So, this is going to be my high select. Once I enable this loop, we're going to see the high select working, because mixed air temp is much more aggressive. There's much more of an error, which error is the delta, the difference between control variable and setpoint. Because there's a much greater error, we're going to see this loop, which is also a faster loop, because it's got a smaller prop band, is going to actually totalize up much quicker.

But if I were to actually drop this MA-T down to 50, I'm going to shed all of my proportional and my integral pretty quickly, and now we're going to see that the maximum of the CO2 is going up.


The nice thing about this is you could use this pattern, if you ever had a minimum damper position, you use your point, you use your maximum, and you have your minimum damper position as an adjustable variable going into the maximum block. So, you can see this there as well. This enables you to be able to do a lot of different logic.

Now, I know this seems pretty simplistic, and it should seem simplistic. My challenge to you, as a programmer, or as a building automation technician, or as someone who's teaching BAS tech technicians to program is to try to find the patterns in the HVAC logic. You know, there is not really anything new under the sun with HVAC. Even with Guideline 36, a lot of what is recommended there outside of the analytics aspect of it is pretty much logic that we've been implementing for a long time. We just haven't been doing it on scale due to the data consumption requirements of you know, trim and response, and sampling all these boxes, and valves, and stuff like that.

What I hope you've seen in this post is the ability to identify three common HVAC patterns:

  1. High Select
  2. Analog Enable
  3. Reset Patterns

I hope you understand where that HVAC sequence ties to that logic, and now, there's really about 20-25 patterns, and if you build out those 20-25 patterns, then that's going to enable you to have those patterns, and then you'll have that corresponding to the logic. Then, all you really have to do when you read a sequence to write a program is go through the sequence, look for the logic snippets, the design patterns that match up to those HVAC sequences, and build those patterns in your program, piece the patterns together. Then you've written a program.

This makes programming much easier. It makes it much more intuitive to people who are learning programming.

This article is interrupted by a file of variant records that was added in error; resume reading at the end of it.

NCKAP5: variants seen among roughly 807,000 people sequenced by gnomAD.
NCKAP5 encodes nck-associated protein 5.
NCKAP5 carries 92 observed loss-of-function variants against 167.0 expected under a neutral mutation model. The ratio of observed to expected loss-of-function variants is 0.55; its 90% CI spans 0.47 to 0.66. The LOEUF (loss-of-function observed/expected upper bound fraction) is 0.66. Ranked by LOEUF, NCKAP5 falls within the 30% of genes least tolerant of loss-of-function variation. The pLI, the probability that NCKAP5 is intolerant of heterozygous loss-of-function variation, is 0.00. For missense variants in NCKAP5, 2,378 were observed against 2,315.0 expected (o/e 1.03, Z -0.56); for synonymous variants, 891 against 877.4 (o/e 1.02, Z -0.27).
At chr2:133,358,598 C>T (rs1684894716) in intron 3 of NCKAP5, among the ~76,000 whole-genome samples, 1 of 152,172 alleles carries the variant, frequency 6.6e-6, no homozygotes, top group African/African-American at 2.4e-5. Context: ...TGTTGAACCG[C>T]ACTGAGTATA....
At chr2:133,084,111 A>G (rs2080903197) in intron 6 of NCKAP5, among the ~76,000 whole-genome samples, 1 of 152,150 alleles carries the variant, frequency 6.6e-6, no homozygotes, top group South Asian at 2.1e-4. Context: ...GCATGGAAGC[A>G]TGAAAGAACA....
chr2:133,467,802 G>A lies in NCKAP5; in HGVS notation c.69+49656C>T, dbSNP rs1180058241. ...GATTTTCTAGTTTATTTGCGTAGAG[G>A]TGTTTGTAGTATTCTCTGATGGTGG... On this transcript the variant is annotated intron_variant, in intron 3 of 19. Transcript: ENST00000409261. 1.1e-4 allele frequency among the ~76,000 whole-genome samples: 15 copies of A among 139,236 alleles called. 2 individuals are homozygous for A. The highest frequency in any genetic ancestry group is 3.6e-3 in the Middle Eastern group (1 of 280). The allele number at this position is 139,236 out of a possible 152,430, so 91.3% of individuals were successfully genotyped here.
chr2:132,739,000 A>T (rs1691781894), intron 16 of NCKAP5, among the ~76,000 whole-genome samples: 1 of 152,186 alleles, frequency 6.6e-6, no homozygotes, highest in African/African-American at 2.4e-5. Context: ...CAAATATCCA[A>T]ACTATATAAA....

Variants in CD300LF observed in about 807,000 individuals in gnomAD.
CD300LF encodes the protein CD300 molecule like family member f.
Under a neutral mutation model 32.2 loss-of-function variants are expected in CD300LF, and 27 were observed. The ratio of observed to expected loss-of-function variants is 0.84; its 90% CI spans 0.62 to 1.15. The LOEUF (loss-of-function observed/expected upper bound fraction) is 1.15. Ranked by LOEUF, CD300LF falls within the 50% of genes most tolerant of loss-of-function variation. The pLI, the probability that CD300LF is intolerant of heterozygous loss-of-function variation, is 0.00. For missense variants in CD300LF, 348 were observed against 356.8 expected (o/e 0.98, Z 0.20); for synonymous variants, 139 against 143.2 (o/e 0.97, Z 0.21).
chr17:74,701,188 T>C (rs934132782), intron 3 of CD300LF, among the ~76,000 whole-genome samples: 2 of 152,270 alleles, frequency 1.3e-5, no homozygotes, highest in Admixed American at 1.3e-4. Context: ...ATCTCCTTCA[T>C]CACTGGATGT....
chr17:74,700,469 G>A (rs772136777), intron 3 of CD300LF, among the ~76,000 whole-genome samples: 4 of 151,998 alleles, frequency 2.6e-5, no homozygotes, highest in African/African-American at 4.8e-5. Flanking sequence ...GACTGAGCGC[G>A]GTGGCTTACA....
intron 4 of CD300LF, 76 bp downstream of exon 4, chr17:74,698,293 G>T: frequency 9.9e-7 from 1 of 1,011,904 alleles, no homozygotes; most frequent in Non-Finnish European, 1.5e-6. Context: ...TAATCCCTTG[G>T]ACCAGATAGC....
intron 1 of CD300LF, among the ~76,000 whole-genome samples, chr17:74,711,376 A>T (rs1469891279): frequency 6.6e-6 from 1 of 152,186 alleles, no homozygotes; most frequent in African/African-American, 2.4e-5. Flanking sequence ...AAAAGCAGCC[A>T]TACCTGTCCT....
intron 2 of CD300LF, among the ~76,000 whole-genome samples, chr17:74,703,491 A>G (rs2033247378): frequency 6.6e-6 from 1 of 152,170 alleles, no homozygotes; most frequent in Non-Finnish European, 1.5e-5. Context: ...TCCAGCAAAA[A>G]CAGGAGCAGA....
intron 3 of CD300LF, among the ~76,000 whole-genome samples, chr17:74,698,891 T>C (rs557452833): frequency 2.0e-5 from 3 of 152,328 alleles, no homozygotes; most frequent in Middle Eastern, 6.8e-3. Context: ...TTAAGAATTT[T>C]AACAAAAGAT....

So, in summary, a lot of people learn programming by going to a products class, and they learn how to use the tool, they learn how to memorize the different types of logic blocks. What they're not taught is how to translate an HVAC sequence into programming logic. So, it is quite easy, but it is a different way of thinking.

If you think about building out a roof truss, or if you think about framing up a house, or if you think about laying out a panel, all of those have patterns to how you do it. You don't reinvent the wheel every time or just throw a bunch of stuff in the panel and hope it works. There's logic to it, like putting transformers on the top, like putting your contacts on the bottom. There's a variety of logical ways that you do these things.

The same is true with programming. We look at the HVAC sequence, we identify patterns, things that happen again and again, like I said, high-low selects, lead lag patterns, things like enable patterns, analog or Boolean enable patterns. Once we identify those patterns, and we're able to build out that programming based on those patterns, then we are able to go and quickly write programs that work, and it makes it much easier.

So, next time you're trying to teach a tech, or maybe you yourself are trying to write a program, I encourage you to consider this approach to look at the sequence, consider what is the pattern here, and what are the corresponding blocks that would enable me to do that pattern and/or line code. We're just doing block because most people do block programming.

Thank you so much for being here. Be sure to check out our free BAS Programming Minicourse, our full BAS Programming Course, and our Programmer Certificate Program.

Thanks so much and take care.

Phil Zito

Written by Phil Zito